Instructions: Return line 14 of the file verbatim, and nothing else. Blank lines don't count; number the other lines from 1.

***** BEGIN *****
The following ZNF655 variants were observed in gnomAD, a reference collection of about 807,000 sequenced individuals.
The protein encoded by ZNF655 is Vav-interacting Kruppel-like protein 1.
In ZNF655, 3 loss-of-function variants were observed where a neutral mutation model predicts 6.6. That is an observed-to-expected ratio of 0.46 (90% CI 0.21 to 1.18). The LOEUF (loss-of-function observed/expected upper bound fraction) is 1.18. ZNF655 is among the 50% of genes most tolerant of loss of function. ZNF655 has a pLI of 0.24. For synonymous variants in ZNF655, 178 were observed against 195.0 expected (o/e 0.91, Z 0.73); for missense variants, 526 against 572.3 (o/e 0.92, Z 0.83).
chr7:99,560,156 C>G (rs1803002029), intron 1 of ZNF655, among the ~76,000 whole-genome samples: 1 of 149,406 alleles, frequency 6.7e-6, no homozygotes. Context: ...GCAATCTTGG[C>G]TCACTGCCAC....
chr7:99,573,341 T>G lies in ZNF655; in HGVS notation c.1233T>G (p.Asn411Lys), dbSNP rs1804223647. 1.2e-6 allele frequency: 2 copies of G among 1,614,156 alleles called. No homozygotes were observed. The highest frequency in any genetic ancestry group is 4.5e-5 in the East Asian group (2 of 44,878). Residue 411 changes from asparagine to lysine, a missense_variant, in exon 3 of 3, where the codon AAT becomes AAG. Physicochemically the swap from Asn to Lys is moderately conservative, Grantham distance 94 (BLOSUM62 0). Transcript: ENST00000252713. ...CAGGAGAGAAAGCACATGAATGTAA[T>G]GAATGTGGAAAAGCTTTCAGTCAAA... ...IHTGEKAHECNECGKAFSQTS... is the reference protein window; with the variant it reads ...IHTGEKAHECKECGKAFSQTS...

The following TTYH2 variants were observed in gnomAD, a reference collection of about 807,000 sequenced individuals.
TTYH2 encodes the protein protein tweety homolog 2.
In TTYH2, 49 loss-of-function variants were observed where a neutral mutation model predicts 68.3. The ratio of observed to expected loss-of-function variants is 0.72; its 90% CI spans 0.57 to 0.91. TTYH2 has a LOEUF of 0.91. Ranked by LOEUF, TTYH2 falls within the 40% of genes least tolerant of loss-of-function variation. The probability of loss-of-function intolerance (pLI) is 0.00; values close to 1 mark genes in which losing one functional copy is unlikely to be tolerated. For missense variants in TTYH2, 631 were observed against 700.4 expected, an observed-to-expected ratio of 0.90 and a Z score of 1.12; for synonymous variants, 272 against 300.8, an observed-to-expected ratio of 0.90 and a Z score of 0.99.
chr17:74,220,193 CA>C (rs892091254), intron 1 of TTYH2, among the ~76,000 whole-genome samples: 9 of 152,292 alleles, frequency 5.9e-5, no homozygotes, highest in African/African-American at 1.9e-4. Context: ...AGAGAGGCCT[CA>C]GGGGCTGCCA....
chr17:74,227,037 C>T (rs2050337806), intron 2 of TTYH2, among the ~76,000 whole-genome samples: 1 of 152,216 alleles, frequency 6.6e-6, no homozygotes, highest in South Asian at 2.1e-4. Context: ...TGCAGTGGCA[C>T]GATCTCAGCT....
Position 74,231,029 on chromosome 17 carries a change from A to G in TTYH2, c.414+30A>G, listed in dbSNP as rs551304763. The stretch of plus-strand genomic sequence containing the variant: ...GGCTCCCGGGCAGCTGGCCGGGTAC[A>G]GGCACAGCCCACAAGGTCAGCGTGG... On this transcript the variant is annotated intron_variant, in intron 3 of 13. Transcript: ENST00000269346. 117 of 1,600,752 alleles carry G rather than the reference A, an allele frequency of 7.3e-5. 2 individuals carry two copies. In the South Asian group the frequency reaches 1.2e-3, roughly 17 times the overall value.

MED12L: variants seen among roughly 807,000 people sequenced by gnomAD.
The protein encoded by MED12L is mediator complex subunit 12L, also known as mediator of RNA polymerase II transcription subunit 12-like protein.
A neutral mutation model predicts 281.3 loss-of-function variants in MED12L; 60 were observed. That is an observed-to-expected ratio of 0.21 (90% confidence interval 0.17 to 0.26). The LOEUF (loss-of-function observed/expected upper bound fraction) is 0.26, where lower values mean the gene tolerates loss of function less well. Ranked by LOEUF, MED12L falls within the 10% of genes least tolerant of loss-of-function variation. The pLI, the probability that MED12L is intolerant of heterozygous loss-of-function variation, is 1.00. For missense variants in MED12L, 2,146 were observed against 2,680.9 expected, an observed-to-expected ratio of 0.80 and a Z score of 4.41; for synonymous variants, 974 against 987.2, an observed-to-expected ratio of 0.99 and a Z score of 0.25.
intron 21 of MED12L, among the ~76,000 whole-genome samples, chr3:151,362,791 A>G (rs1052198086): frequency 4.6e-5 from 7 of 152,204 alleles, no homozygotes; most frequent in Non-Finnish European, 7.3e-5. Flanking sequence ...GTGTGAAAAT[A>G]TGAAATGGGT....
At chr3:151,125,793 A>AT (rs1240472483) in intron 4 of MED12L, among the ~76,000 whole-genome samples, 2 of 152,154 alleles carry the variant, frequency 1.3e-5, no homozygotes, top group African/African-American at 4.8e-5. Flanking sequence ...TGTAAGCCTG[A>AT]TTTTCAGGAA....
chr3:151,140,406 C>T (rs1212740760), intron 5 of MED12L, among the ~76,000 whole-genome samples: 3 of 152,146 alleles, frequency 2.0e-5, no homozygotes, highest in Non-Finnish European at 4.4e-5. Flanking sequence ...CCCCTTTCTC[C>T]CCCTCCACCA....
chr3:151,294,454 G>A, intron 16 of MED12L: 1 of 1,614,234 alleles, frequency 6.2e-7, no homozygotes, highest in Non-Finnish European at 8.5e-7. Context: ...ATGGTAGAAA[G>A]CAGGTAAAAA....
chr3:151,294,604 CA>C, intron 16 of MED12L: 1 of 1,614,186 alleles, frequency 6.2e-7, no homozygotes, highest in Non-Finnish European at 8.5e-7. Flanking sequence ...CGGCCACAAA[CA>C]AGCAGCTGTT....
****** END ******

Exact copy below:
A neutral mutation model predicts 281.3 loss-of-function variants in MED12L; 60 were observed. That is an observed-to-expected ratio of 0.21 (90% confidence interval 0.17 to 0.26). The LOEUF (loss-of-function observed/expected upper bound fraction) is 0.26, where lower values mean the gene tolerates loss of function less well. Ranked by LOEUF, MED12L falls within the 10% of genes least tolerant of loss-of-function variation. The pLI, the probability that MED12L is intolerant of heterozygous loss-of-function variation, is 1.00. For missense variants in MED12L, 2,146 were observed against 2,680.9 expected, an observed-to-expected ratio of 0.80 and a Z score of 4.41; for synonymous variants, 974 against 987.2, an observed-to-expected ratio of 0.99 and a Z score of 0.25.